Bailey 4Right:  "Old Fish Hill Landing, Pawtuxet Cove, Rhode Island" by Whitman Bailey, 1935. We're not exactly sure of this location within Pawtuxet Village, and we have no specific reference to it except that at one time, Ed Johnson and Civil War veteran Samuel Greene both ran  fish markets at the foot of Aborn Street.  The artist, Whitman Bailey, was  color-blind, and his black-and-white sketches first appeared in The Stamford Advocate (CT) in 1924. Avid readers watched for his weekly sketches of area locations.  He was most likely descended from Jacob Whitman Bailey, a noted 19th century naturalist, artist, and professor at Brown University.

Taverns were the heart of the village in the 18th century, because the road through the village was the link in the Post Road and was the most traveled highway between Boston and New York. Some of the taverns were the Golden Ball Inn, Mitchell Tavern, Aborn Tavern and the Carder Tavern. The latter is the only one standing today at 118 Post Road, Warwick and was built in 1740.

Fort Avenue, running along Pawtuxet Neck in Cranston gets its name from the fort that once stood on a high bluff at the head of today's Sheldon Street. The fort was built on October 17, 1775 during the Revolutionary War. It went from shore to shore and within the fort was a guard house. Fort Neck was garrisoned by the Pawtuxet Rangers for many years. They were chartered in 1774 as an independent military company and in 1812 it became the Pawtuxet Artillery. After the fort was no longer in use the timbers from the guard house were used in building the dwelling of Captain Alonzo Crandall. The dwelling became known as the "Barracks House" and stands today at 69 Fort Avenue with additions added.

The Pawtuxet Armory stands at the corner of Bank and Remington Streets, Warwick and was erected in 1843 by the State as an armory for the Pawtuxet Artillery, partially in reward for the Pawtuxet Artillery's loyalty to the Law and order party during the Dorr Rebellion..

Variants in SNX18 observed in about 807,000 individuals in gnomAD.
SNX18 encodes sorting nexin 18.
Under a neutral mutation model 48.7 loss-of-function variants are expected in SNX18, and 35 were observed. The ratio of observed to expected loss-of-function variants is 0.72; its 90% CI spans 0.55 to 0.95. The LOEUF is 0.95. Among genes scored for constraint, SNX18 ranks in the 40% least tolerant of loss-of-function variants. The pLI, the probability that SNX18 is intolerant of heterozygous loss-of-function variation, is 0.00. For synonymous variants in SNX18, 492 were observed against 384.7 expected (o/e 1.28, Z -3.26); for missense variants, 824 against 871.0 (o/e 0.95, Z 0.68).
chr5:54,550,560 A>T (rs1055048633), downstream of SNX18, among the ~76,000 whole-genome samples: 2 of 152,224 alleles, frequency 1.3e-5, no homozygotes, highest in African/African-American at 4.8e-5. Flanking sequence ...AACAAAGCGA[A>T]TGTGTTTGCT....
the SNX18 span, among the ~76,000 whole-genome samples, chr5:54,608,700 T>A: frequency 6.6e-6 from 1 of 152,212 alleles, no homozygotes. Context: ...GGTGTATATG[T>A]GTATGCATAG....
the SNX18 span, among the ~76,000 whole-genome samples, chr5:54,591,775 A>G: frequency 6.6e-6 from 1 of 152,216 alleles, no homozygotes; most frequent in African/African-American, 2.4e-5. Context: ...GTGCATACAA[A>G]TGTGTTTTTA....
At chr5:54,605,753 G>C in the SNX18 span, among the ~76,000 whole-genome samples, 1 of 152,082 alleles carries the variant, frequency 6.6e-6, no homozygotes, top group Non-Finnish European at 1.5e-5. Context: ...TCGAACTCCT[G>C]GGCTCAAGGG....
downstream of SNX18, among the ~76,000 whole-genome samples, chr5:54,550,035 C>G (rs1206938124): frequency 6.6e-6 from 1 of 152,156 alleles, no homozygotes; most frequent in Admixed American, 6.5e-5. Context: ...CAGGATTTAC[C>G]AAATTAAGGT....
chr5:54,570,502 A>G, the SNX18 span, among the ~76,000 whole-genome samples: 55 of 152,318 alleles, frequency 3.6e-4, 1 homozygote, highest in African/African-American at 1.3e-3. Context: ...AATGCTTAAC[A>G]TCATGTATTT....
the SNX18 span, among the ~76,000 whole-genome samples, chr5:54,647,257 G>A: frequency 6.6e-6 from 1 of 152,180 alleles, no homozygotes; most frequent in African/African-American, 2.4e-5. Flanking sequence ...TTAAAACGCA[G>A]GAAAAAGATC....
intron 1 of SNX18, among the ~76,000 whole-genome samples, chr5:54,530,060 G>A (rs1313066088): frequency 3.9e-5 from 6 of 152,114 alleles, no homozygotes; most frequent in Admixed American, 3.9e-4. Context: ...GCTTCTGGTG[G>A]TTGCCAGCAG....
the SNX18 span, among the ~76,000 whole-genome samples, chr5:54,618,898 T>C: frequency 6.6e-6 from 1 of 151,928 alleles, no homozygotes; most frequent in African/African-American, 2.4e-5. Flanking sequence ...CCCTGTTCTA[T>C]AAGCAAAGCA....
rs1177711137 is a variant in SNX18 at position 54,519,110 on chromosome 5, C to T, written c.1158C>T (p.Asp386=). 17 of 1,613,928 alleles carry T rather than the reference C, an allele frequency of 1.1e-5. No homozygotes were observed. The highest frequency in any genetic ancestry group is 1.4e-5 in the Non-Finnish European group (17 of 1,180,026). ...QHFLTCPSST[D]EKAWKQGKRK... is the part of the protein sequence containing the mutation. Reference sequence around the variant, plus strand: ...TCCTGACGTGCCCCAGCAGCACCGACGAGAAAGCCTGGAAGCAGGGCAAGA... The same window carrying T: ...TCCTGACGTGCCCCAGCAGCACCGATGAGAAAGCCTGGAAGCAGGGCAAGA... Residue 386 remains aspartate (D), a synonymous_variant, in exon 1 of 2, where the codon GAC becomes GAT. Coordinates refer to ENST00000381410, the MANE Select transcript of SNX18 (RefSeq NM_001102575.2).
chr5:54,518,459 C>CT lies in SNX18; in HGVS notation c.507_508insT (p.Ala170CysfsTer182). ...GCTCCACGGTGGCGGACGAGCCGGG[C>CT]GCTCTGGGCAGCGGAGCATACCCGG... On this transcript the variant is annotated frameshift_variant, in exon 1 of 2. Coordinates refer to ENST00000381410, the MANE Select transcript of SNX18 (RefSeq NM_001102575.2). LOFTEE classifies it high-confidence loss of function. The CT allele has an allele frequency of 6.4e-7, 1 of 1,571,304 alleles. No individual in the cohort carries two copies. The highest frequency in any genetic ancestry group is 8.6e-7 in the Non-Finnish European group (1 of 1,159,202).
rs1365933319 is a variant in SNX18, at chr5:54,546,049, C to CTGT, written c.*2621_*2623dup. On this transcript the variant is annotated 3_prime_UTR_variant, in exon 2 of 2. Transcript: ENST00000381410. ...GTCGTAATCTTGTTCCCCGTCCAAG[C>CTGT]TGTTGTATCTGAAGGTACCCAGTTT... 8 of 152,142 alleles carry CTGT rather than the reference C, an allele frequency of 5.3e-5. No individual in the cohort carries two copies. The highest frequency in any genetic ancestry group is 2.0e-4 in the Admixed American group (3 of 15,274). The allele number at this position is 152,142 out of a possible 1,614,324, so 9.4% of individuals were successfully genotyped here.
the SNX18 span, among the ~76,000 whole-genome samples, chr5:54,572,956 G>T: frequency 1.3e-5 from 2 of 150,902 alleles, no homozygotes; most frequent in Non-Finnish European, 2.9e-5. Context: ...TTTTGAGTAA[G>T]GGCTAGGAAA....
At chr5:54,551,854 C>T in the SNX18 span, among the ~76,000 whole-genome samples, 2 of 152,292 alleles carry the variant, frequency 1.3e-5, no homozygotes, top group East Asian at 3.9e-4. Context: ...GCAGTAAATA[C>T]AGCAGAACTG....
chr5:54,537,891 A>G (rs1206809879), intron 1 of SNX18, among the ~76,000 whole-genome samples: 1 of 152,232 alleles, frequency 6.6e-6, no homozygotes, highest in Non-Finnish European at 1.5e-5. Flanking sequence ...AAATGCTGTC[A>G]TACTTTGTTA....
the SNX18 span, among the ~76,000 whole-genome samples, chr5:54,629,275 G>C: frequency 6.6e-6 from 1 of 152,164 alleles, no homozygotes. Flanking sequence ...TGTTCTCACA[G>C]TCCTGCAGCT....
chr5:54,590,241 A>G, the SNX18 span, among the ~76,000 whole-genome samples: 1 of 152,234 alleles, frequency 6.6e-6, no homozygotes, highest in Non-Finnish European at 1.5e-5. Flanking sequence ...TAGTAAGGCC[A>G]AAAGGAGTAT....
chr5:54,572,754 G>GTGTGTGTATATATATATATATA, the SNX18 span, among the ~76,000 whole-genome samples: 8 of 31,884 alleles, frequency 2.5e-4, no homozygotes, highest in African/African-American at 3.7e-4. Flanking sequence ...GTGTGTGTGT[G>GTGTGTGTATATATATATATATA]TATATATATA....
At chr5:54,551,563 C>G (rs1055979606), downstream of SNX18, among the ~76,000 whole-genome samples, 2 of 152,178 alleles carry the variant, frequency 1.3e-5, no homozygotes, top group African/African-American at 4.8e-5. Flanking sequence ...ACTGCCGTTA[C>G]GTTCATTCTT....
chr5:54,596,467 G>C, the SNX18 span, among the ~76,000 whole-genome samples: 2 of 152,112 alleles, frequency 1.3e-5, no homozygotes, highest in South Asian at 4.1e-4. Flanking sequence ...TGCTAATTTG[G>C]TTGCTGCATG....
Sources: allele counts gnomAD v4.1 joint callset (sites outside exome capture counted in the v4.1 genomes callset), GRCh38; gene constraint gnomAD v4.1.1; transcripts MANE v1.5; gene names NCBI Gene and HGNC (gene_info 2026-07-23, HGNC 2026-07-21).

The Pawtuxet Bank, today's Bank Cafe, stands at the top of Post Road hill and was established by the Rhodes brothers in 1814 to serve the coastal trade of Pawtuxet.

Bailey2Left: "House on Old Elm Street, Pawtuxet, Rhode Island" by Whitman Bailey, 1937.  It turns out that Pawtuxet Village really did have an Elm Street as found in old maps c1895.  The location was from the present foot of Post Road through the center of what is now Pawtuxet Park between Emmons and East View Street.

Wander where you will through the old Pawtuxet, on both sides of the bridge, and you will see architectural styles from 18th century colonial to late Victorian.
Elisha Hunt Rhodes, Union soldier, featured in the TV Documentary, "The Civil War" was from Pawtuxet. His boyhood home was on Broad Street across from Sheldon Street, Cranston. The house is no longer standing. He was a member of the Pawtuxet Baptist Church until 1867, when he joined the Central Baptist Church of Providence.  The book "All for the Union," the Civil War diary and letters of Elisha's was edited by Robert Hunt in 1991, one of six, great-grandchildren. In July 1861, after getting his widowed, mother's permission to join the army, he took the omnibus at 6 a.m. from Pawtuxet to Providence and enlisted in the Army as a nineteen-year-old private. Levi F. Carr, also from the village, was on the omnibus and joined the Army the same day.
*****
(Excerpts from "Fragments of Time in Pawtuxet" by Hazel Wade Kennedy.)
Winder's Cove, Pawtuxet, Cranston was the site in 1792 where Elijah Ormsbee of Providence invented, built and operated a steamboat thirteen years before Fulton 'invented' the steamboat. Elijah's was the first boat propelled by steam to ply the waters of Narragansett Bay. This year, [1992] during August, the Pawtucket Preservation Society celebrated 200 years of steamboating, and gave an Ormsbee - Wilkinson trophy at the Captains Dinner. Wilkinson was from Pawtucket and was the person who cast and bore the cylinders for Ormsbee's steamboat.